So it was three years and five months later I was back treading that same familiar turf.

Visiting my parents for the first time in their new home, I found time to pop over to survey every Fratton fans’ shattered dream.

Time had indeed stood still.

The cans were a little bit more rusty, the shrubbery rather more developed, the blackberry bushes considerably more prolific.

It was a sobering reacquaintance with an area which once offered so much hope.

So what did happen to the Alver Valley project, the true legacy of Gaydamak?

Sadly, it imploded just like the football club as the owner ran out of funds and opted to cash in on playing assets rather than developing his existing ones.

Pompey were put up for sale, then one-by-one the likes of Sulley Muntari, Pedro Mendes, Lassana Diarra, Jermain Defoe, Glen Johnson, Sylvain Distin and Peter Crouch were sold off.

Their exits were designed to fill the money pit debt as Standard Bank called in its loans.

The firesale had begun and the training ground dream went up in flames.

That marked the final chance for Gaydamak to leave behind a legacy following seven Premier League seasons.

Then came the sale to Sulaiman Al Fahim – and the club’s eventual plummet into administration.

Not that the issue of a Pompey training ground has died away. Particularly for Gaydamak.

Back in July, Gaydamak was ordered to pay back £330,000 to Gosport Borough Council over his failure to follow through with his training ground plans.

According to a contract drawn up in December 2008, Miland Development 2004 agreed to such a figure if it did not go ahead and build the facilities.

Earlier, Gosport council had handed back the precise same sum of £330,000 to Cherque Farm builders, Persimmon Homes.

The developer had been required to give the cash as part of a legal agreement to provide leisure amenities in the area.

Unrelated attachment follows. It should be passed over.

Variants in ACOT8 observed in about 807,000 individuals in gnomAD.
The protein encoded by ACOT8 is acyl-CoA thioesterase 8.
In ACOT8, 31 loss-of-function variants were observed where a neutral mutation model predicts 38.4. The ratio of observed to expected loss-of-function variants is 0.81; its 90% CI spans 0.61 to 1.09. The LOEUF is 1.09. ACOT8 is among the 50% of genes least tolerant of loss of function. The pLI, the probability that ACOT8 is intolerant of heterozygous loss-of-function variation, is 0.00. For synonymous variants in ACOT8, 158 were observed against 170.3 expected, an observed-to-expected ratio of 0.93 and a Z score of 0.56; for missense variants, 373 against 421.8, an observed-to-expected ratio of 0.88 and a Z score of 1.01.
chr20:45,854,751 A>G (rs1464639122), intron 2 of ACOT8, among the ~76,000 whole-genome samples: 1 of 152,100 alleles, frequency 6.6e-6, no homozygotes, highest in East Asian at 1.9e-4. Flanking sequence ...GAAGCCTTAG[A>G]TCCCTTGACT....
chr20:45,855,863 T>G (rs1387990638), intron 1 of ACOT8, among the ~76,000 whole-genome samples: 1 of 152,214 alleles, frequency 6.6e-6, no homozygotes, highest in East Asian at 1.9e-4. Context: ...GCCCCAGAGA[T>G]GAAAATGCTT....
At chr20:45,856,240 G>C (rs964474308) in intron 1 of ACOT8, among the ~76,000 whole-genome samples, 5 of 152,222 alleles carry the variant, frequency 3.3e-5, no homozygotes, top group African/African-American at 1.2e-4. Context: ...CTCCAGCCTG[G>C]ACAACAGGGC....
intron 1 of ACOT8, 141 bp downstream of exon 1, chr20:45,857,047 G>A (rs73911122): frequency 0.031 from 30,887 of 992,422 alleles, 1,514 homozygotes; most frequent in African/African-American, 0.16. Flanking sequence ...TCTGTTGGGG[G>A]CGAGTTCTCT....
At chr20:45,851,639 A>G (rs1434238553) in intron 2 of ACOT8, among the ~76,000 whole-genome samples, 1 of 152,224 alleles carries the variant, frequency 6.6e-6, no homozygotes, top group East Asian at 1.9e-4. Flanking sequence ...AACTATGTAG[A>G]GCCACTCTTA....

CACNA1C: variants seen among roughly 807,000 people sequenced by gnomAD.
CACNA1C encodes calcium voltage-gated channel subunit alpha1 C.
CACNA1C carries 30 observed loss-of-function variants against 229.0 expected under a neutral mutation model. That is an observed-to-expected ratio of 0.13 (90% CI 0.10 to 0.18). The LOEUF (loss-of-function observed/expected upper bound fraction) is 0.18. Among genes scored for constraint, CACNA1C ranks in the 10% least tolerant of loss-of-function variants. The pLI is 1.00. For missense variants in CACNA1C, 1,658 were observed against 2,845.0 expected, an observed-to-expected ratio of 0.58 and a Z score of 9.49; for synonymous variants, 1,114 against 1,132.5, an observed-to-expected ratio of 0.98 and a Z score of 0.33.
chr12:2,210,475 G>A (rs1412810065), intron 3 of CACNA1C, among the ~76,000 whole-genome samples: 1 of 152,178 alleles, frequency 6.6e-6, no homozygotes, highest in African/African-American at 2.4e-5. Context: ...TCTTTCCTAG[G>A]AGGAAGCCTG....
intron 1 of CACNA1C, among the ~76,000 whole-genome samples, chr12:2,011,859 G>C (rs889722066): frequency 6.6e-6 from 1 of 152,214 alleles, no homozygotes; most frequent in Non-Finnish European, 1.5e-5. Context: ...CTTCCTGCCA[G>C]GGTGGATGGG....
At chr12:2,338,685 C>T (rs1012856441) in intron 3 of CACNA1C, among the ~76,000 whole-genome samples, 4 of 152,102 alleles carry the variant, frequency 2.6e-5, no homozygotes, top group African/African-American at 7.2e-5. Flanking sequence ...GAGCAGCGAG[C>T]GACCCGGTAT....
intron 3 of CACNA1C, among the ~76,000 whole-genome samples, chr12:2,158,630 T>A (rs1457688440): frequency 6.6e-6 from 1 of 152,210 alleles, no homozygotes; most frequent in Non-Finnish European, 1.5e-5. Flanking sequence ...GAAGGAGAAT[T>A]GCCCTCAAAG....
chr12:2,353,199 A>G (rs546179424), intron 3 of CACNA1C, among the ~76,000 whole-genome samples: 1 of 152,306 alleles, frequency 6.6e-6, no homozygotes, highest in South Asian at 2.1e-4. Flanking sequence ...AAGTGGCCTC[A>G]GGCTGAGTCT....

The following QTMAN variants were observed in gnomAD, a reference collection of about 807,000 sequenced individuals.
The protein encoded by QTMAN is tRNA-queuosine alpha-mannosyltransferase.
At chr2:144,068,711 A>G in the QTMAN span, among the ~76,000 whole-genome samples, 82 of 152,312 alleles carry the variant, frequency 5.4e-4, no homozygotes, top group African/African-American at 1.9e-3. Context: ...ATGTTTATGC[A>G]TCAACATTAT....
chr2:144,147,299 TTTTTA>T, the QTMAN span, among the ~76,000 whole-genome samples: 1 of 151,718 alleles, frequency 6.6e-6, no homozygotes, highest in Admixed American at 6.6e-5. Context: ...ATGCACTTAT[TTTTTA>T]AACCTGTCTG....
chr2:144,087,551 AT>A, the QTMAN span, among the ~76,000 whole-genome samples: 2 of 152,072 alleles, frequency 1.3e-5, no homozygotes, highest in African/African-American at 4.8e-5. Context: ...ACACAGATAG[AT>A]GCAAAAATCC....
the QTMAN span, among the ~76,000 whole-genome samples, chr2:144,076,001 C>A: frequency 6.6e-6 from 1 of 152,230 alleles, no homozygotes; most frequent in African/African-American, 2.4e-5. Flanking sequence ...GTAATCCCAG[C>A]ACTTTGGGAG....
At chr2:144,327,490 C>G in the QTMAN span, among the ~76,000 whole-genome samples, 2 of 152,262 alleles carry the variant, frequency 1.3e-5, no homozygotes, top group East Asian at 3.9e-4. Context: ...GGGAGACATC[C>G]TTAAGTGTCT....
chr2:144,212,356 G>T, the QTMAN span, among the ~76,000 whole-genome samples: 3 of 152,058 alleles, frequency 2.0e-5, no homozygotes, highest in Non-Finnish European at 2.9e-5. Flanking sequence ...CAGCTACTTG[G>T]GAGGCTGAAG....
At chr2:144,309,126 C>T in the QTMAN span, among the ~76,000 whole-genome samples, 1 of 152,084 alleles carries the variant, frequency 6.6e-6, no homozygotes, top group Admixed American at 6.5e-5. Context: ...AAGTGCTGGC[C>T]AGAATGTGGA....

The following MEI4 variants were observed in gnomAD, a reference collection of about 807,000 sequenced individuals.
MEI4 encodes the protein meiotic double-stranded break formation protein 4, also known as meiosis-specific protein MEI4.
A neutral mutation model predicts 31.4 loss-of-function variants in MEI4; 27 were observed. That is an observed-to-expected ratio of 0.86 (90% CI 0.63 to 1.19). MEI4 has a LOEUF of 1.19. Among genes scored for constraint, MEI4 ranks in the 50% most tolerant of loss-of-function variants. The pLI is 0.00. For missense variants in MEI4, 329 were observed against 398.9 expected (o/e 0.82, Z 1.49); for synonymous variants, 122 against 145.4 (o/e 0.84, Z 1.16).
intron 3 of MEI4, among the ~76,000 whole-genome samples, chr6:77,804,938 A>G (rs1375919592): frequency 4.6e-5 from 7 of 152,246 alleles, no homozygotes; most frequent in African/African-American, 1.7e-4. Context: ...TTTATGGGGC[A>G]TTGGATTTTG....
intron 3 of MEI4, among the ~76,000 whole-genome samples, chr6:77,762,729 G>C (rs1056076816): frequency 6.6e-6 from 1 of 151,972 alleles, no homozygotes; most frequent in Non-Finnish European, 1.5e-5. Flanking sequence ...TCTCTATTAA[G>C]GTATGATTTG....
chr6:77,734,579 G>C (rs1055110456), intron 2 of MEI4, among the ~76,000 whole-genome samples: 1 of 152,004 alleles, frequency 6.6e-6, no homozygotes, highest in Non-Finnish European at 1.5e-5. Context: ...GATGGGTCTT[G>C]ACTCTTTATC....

But Pompey’s plan meant this was no longer needed.

To ensure the money could be recovered if required, an indemnity agreement was drawn up if the club didn’t go ahead with the underlease on the land.

Despite this, Gosport council had to go through the courts to get Miland Development 2004 to pay up.

It succeeded in July, with the company also instructed to pay the council’s £10,399 legal bill and £13,937 in interest.

The money must be paid within 18 months, with Gaydamak giving a personal assurance it will be honoured.

That chapter is now almost at an end.

As for the Titchfield site, that is still owned by Miland Developments and remains up for sale.

There is now a new era at Fratton Park, one in which Convers Sports Initiatives have given absolutely no indication whether it includes a fresh training ground.

Mind you, they have yet to reveal the future of Fratton Park, which surely must remain the priority.

In the meantime, investment in two pitches at their current Eastleigh training base took part during the summer.

The subject of Roko has been mentioned, Roman Dubov himself observed walking round the site within weeks of that July 1 takeover.

Whatever the future holds, it will not involve the Alver Valley.

And come next year, expect more succulent blackberries to pluck and even bigger overgrowth to negotiate.